Oscar A. Romero


Quotes from Archbishop Oscar Romero

Today markes the anniversay of the death
of Archbishop Oscar Romero of San Salvador.
Romero was murdered at the altar on this day
twenty-eight years ago.
I remember it distinctly, even though I was just a teenager in high school.

And so,
I offer a this video,
which contains actual footage
and the voice of Archbishop Romero.
A few quotes from this great man of our history
follow the video.
Please take the time to reflect on these words of his.

Oscar Arnulfo Romero; Pray for us.

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How beautiful will be the day
when all the baptized understand
that their work, their job, is a priestly work,
that just as I celebrate Mass at this altar,
so each carpenter celebrates Mass at his workbench,
and each metalworker,
each professional,
each doctor with the scalpel,
the market woman at her stand,
is performing a priestly office!
How may cabdrivers, I know,
listen to this message there in their cabs,
you are a priest at the wheel, my friend,
if you work with honesty,
consecrating that taxi of yours to God,
bearing a message of peace and love
to the passengers who ride in your cab.
November 20, 1977

What good are beautiful highways and airports,
beautiful buildings full of spacious apartments,
if they are only put together with the blood of the poor,
who are not going to enjoy them?
July 15, 1979

A religion of Sunday Mass
but of unjust weeks does not please the Lord.
A religion of much praying but with hypocrisy
in the heart is not Christian.
A church that sets itself up only to be well off,
to have a lot of money and comfort,
but that forgets to protest injustices,
would not be the true church of our divine Redeemer.
December 4, 1977

To those who bear in their hand, or in their consciences,
the burden of bloodshed, of outrages,
of the victimized, innocent or guilty,
but still victimized in their human dignity, I say:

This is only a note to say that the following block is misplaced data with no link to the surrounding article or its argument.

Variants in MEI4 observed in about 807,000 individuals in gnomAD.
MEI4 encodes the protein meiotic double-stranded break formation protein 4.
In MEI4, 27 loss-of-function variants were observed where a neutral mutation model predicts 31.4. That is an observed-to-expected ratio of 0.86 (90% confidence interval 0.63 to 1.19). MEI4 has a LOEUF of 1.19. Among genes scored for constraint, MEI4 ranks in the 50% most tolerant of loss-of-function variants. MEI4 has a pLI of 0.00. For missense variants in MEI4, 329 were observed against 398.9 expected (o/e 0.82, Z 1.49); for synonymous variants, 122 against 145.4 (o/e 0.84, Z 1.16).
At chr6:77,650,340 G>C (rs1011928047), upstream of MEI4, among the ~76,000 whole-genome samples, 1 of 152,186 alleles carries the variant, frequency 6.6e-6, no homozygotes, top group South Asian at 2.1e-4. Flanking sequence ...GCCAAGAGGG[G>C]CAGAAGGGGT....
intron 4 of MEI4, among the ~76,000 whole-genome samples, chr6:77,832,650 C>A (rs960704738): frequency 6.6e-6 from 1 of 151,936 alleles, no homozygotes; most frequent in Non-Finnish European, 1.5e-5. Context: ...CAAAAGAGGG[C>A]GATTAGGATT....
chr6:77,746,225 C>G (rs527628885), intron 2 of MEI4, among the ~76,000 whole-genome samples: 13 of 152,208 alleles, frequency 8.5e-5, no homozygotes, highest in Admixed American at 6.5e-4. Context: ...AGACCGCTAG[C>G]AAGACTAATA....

Be Converted!
You cannot find God on those paths of torture and outrages.
God is found on the ways of justice,
of conversion,
of truth.
August 6, 1978

Everyone who struggles for justice,
everyone who makes just claims in unjust surroundings,
is working for God's reign,
even though not a Christian.
The church does not comprise all of God's reign,
God's reign goes beyond the church's boundaries.
The church values everything
that is in tune with its struggle to set up God's reign.
A church that tries only to keep itself pure and uncontaminated
would not be a church of God's service to people.
The authentic church is one
that does not mind conversing
with prostitutes and publicans and sinners,
as Christ did
-- and with Marxists
and those of various political movements
-- in order to bring them salvation's true message.
December 2, 1978

Not just purgatory
but hell awaits those who could have done good
and did not do it.
It is the reverse of the Beatitude
that the Bible has for those who are saved, for the saints,
"who could have done wrong and did not."
Of those who are condemned
it will be said:
They could have done good and did not.
July 16, 1977

How beautiful will be the day
when a new society,
instead of selfishly hoarding and keeping,
apportions, shares, divides up,
and all rejoice because
we all feel we are children
of the same God!
January 27, 1980

Thursday, March 20, 2008

Second Letter to St. Peter

March 20, 2008
Holy Thursday

My Dearest St. Peter,

I know it’s Holy Thursday
and you’ve probably got a lot of major work to do today,
inspiring the faithful and all.
But I just couldn’t let this day pass
without asking some more questions.
You see, I’ve been really reflecting all week
on the words of Jesus,
especially on the words he spoke
during those last days of his earthly life.

Good St. Peter, you were there.
I mean, tomorrow afternoon at the liturgy of Good Friday
churches all over are going to sing, "Where you there."
But you, St. Peter, you were there.
So I really believe you are an expert
and will be able to answer my questions.

San Pedro, what did Jesus mean when he said,
"Take this, all of you, and eat it. . ?."
We seem to be getting that all confused.

Did he mean,
"Take this all of you and eat it. . .
. . . . unless you are divorced and remarried
and the tribunal hasn’t finished
processing your annulment yet."

What did he mean by,
". . all of you?"

Did he mean,
"Take this, all of you and eat. . .